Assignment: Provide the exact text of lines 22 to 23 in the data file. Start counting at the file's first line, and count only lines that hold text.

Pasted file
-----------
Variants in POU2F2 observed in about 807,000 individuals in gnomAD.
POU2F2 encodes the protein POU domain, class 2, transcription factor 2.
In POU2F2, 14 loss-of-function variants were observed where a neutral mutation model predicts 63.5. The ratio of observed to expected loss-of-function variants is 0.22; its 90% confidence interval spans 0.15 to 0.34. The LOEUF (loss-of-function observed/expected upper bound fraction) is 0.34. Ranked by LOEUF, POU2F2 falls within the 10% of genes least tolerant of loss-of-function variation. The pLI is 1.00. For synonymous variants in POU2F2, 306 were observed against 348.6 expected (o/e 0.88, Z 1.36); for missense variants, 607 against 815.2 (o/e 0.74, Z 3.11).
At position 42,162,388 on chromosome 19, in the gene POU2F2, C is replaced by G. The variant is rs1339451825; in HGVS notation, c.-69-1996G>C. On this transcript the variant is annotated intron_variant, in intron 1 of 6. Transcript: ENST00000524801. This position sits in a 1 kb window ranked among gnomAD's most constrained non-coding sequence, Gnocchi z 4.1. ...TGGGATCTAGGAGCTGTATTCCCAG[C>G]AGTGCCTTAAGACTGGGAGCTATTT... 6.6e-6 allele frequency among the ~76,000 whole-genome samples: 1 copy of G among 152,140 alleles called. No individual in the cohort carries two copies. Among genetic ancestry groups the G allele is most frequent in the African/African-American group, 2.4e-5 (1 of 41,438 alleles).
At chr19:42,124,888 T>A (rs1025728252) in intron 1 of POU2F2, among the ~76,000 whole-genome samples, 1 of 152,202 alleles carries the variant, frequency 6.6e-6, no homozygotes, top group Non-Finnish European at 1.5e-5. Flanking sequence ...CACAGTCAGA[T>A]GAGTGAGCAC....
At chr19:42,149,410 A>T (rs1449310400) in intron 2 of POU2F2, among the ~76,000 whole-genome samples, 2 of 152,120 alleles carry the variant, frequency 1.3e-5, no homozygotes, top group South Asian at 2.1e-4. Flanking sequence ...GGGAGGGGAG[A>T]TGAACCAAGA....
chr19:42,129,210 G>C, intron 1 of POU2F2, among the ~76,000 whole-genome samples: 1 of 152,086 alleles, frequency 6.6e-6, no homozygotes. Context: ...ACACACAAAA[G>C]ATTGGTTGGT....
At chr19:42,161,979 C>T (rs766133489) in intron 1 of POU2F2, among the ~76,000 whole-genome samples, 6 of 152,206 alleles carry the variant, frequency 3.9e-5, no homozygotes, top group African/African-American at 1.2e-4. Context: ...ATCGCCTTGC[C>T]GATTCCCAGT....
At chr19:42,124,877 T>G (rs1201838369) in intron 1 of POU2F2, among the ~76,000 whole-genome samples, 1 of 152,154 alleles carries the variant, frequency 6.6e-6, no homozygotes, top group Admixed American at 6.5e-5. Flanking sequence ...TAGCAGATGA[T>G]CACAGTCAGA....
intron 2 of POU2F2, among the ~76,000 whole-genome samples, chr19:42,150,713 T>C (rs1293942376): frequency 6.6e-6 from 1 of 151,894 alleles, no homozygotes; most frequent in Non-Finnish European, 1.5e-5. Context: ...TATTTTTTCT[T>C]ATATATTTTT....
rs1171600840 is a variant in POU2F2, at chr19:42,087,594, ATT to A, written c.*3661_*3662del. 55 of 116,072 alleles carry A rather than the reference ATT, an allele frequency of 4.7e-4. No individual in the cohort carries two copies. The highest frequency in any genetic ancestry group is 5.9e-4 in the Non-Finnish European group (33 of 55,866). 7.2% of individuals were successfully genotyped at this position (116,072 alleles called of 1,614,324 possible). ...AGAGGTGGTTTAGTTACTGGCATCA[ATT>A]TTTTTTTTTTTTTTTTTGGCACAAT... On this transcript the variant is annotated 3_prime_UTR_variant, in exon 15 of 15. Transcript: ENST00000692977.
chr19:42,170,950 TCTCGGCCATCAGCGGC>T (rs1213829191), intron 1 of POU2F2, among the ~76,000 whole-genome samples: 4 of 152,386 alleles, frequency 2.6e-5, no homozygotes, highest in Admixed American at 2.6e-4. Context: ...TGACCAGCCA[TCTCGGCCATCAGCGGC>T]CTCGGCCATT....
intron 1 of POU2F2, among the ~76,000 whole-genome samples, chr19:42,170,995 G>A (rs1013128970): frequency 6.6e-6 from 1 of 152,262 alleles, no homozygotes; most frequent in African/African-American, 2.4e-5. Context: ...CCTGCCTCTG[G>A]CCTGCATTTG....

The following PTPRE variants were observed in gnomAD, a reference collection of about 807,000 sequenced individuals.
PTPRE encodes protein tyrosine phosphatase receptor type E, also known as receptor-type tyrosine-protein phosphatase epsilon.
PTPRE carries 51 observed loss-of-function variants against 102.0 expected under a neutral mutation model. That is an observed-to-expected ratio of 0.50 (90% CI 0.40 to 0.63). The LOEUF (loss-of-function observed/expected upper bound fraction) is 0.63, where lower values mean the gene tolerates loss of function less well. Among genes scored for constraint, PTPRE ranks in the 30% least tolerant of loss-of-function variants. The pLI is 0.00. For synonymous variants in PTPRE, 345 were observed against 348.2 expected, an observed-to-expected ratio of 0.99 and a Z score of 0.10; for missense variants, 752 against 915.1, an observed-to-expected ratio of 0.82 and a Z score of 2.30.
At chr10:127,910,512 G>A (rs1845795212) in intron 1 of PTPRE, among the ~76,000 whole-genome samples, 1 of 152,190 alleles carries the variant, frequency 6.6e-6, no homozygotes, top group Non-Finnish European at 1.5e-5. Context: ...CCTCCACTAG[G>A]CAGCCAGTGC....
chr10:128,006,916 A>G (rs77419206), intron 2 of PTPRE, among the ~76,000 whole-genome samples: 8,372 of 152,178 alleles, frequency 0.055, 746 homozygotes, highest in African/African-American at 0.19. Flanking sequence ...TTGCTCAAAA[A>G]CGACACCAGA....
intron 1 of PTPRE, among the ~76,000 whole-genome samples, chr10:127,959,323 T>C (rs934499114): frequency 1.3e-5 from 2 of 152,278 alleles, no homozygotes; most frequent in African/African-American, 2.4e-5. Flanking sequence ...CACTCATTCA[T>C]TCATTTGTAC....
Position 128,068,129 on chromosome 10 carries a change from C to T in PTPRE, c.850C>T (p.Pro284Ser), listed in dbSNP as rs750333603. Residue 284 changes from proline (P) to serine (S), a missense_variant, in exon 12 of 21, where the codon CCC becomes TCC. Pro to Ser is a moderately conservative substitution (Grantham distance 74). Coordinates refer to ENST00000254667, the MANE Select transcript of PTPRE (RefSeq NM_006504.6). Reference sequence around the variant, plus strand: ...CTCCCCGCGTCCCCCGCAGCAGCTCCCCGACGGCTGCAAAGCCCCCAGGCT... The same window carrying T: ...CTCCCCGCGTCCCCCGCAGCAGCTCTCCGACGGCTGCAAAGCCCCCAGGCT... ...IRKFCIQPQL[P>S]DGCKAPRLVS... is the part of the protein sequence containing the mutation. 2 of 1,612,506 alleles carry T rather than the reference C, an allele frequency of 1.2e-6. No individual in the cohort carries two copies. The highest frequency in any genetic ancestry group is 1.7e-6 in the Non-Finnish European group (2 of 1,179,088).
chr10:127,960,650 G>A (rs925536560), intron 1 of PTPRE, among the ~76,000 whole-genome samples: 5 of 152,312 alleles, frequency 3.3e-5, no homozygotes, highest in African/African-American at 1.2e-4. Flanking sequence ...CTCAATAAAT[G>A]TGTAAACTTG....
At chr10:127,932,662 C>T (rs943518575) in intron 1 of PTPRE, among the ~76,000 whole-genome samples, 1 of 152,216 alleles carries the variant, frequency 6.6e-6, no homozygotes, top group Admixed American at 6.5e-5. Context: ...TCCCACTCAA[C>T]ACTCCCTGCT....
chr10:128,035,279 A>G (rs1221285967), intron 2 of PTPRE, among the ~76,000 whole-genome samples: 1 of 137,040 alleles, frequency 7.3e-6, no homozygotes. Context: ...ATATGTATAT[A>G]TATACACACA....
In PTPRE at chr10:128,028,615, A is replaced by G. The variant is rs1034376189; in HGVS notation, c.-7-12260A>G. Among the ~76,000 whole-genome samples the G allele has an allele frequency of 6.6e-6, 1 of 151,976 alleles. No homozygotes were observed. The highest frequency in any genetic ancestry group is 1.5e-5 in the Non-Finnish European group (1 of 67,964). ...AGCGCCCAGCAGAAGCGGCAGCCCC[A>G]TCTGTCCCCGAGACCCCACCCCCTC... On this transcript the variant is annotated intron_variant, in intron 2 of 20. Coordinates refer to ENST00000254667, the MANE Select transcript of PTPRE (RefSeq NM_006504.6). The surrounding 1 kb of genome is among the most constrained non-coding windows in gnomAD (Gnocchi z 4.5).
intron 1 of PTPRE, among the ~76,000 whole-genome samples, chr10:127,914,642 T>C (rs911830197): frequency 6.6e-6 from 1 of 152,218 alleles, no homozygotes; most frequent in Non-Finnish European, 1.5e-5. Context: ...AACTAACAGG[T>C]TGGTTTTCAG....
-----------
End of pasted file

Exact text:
At chr10:127,932,662 C>T (rs943518575) in intron 1 of PTPRE, among the ~76,000 whole-genome samples, 1 of 152,216 alleles carries the variant, frequency 6.6e-6, no homozygotes, top group Admixed American at 6.5e-5. Context: ...TCCCACTCAA[C>T]ACTCCCTGCT....
chr10:128,035,279 A>G (rs1221285967), intron 2 of PTPRE, among the ~76,000 whole-genome samples: 1 of 137,040 alleles, frequency 7.3e-6, no homozygotes. Context: ...ATATGTATAT[A>G]TATACACACA....